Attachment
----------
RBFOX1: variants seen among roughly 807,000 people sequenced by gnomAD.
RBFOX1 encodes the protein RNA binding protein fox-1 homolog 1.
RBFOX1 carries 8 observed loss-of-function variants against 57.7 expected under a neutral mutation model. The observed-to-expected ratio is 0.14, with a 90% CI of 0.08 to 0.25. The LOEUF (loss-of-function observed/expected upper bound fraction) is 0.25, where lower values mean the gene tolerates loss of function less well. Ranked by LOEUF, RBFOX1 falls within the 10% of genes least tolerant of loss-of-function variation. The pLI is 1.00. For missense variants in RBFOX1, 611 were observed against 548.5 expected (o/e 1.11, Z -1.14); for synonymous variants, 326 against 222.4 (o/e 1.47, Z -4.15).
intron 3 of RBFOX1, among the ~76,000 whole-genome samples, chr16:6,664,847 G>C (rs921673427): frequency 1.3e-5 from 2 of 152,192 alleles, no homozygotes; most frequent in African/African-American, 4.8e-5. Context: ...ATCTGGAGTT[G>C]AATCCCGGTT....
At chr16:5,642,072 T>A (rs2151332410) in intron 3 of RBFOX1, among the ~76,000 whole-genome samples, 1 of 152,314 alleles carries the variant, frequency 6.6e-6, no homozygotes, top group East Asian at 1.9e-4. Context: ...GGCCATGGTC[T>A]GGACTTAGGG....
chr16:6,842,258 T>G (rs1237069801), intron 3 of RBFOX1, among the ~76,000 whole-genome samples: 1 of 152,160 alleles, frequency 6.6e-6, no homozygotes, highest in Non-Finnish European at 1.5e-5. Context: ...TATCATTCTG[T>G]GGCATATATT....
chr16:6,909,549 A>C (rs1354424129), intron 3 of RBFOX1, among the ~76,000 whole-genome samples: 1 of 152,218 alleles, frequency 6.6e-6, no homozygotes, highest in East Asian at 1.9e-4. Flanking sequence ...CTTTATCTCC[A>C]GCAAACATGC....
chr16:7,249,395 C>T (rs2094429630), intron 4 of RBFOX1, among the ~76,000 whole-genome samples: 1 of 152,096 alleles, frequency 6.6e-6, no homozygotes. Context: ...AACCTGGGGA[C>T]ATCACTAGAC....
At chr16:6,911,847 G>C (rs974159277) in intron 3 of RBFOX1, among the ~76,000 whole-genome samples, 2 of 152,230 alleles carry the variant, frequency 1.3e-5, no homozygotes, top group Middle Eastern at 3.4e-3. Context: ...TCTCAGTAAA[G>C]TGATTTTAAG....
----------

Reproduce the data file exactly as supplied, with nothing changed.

RBFOX1: variants seen among roughly 807,000 people sequenced by gnomAD.
RBFOX1 encodes the protein RNA binding protein fox-1 homolog 1.
RBFOX1 carries 8 observed loss-of-function variants against 57.7 expected under a neutral mutation model. The observed-to-expected ratio is 0.14, with a 90% CI of 0.08 to 0.25. The LOEUF (loss-of-function observed/expected upper bound fraction) is 0.25, where lower values mean the gene tolerates loss of function less well. Ranked by LOEUF, RBFOX1 falls within the 10% of genes least tolerant of loss-of-function variation. The pLI is 1.00. For missense variants in RBFOX1, 611 were observed against 548.5 expected (o/e 1.11, Z -1.14); for synonymous variants, 326 against 222.4 (o/e 1.47, Z -4.15).
intron 3 of RBFOX1, among the ~76,000 whole-genome samples, chr16:6,664,847 G>C (rs921673427): frequency 1.3e-5 from 2 of 152,192 alleles, no homozygotes; most frequent in African/African-American, 4.8e-5. Context: ...ATCTGGAGTT[G>C]AATCCCGGTT....
At chr16:5,642,072 T>A (rs2151332410) in intron 3 of RBFOX1, among the ~76,000 whole-genome samples, 1 of 152,314 alleles carries the variant, frequency 6.6e-6, no homozygotes, top group East Asian at 1.9e-4. Context: ...GGCCATGGTC[T>A]GGACTTAGGG....
chr16:6,842,258 T>G (rs1237069801), intron 3 of RBFOX1, among the ~76,000 whole-genome samples: 1 of 152,160 alleles, frequency 6.6e-6, no homozygotes, highest in Non-Finnish European at 1.5e-5. Context: ...TATCATTCTG[T>G]GGCATATATT....
chr16:6,909,549 A>C (rs1354424129), intron 3 of RBFOX1, among the ~76,000 whole-genome samples: 1 of 152,218 alleles, frequency 6.6e-6, no homozygotes, highest in East Asian at 1.9e-4. Flanking sequence ...CTTTATCTCC[A>C]GCAAACATGC....
chr16:7,249,395 C>T (rs2094429630), intron 4 of RBFOX1, among the ~76,000 whole-genome samples: 1 of 152,096 alleles, frequency 6.6e-6, no homozygotes. Context: ...AACCTGGGGA[C>T]ATCACTAGAC....
At chr16:6,911,847 G>C (rs974159277) in intron 3 of RBFOX1, among the ~76,000 whole-genome samples, 2 of 152,230 alleles carry the variant, frequency 1.3e-5, no homozygotes, top group Middle Eastern at 3.4e-3. Context: ...TCTCAGTAAA[G>C]TGATTTTAAG....